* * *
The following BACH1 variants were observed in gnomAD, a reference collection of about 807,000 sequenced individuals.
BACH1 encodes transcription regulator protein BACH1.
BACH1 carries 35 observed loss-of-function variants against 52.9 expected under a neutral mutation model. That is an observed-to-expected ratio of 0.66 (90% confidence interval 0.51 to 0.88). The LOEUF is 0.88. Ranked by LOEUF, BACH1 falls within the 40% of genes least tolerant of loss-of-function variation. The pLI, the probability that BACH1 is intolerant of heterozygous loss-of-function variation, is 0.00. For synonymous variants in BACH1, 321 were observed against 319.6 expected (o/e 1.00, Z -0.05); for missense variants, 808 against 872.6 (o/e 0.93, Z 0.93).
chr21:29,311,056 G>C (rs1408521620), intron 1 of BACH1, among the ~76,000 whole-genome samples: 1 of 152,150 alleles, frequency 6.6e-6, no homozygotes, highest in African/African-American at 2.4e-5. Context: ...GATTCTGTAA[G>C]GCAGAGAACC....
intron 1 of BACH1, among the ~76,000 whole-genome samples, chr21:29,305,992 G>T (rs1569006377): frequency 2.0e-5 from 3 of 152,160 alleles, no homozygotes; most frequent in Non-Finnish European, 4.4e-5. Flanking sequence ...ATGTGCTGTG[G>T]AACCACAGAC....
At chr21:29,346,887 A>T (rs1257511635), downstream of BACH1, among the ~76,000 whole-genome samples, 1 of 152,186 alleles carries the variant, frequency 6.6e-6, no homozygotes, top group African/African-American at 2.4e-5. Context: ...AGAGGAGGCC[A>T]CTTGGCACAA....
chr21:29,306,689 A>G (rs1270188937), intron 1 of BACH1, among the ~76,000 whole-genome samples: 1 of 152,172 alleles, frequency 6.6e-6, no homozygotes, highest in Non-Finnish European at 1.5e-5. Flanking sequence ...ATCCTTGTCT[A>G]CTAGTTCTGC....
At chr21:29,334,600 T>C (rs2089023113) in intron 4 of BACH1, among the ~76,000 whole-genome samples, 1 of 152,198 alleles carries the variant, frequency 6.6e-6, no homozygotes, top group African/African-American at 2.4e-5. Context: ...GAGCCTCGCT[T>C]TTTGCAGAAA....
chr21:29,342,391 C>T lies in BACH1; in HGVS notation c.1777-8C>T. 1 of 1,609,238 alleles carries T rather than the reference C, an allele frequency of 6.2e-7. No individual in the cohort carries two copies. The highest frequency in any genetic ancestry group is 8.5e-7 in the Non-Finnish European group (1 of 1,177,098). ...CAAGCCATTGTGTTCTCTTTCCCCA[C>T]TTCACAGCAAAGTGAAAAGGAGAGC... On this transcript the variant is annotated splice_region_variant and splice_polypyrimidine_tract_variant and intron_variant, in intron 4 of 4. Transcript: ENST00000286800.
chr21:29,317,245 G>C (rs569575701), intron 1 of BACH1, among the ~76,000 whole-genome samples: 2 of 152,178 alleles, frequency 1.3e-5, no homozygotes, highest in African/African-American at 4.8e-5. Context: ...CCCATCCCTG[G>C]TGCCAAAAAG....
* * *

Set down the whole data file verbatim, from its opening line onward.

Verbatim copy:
The following BACH1 variants were observed in gnomAD, a reference collection of about 807,000 sequenced individuals.
BACH1 encodes transcription regulator protein BACH1.
BACH1 carries 35 observed loss-of-function variants against 52.9 expected under a neutral mutation model. That is an observed-to-expected ratio of 0.66 (90% confidence interval 0.51 to 0.88). The LOEUF is 0.88. Ranked by LOEUF, BACH1 falls within the 40% of genes least tolerant of loss-of-function variation. The pLI, the probability that BACH1 is intolerant of heterozygous loss-of-function variation, is 0.00. For synonymous variants in BACH1, 321 were observed against 319.6 expected (o/e 1.00, Z -0.05); for missense variants, 808 against 872.6 (o/e 0.93, Z 0.93).
chr21:29,311,056 G>C (rs1408521620), intron 1 of BACH1, among the ~76,000 whole-genome samples: 1 of 152,150 alleles, frequency 6.6e-6, no homozygotes, highest in African/African-American at 2.4e-5. Context: ...GATTCTGTAA[G>C]GCAGAGAACC....
intron 1 of BACH1, among the ~76,000 whole-genome samples, chr21:29,305,992 G>T (rs1569006377): frequency 2.0e-5 from 3 of 152,160 alleles, no homozygotes; most frequent in Non-Finnish European, 4.4e-5. Flanking sequence ...ATGTGCTGTG[G>T]AACCACAGAC....
At chr21:29,346,887 A>T (rs1257511635), downstream of BACH1, among the ~76,000 whole-genome samples, 1 of 152,186 alleles carries the variant, frequency 6.6e-6, no homozygotes, top group African/African-American at 2.4e-5. Context: ...AGAGGAGGCC[A>T]CTTGGCACAA....
chr21:29,306,689 A>G (rs1270188937), intron 1 of BACH1, among the ~76,000 whole-genome samples: 1 of 152,172 alleles, frequency 6.6e-6, no homozygotes, highest in Non-Finnish European at 1.5e-5. Flanking sequence ...ATCCTTGTCT[A>G]CTAGTTCTGC....
At chr21:29,334,600 T>C (rs2089023113) in intron 4 of BACH1, among the ~76,000 whole-genome samples, 1 of 152,198 alleles carries the variant, frequency 6.6e-6, no homozygotes, top group African/African-American at 2.4e-5. Context: ...GAGCCTCGCT[T>C]TTTGCAGAAA....
chr21:29,342,391 C>T lies in BACH1; in HGVS notation c.1777-8C>T. 1 of 1,609,238 alleles carries T rather than the reference C, an allele frequency of 6.2e-7. No individual in the cohort carries two copies. The highest frequency in any genetic ancestry group is 8.5e-7 in the Non-Finnish European group (1 of 1,177,098). ...CAAGCCATTGTGTTCTCTTTCCCCA[C>T]TTCACAGCAAAGTGAAAAGGAGAGC... On this transcript the variant is annotated splice_region_variant and splice_polypyrimidine_tract_variant and intron_variant, in intron 4 of 4. Transcript: ENST00000286800.
chr21:29,317,245 G>C (rs569575701), intron 1 of BACH1, among the ~76,000 whole-genome samples: 2 of 152,178 alleles, frequency 1.3e-5, no homozygotes, highest in African/African-American at 4.8e-5. Context: ...CCCATCCCTG[G>C]TGCCAAAAAG....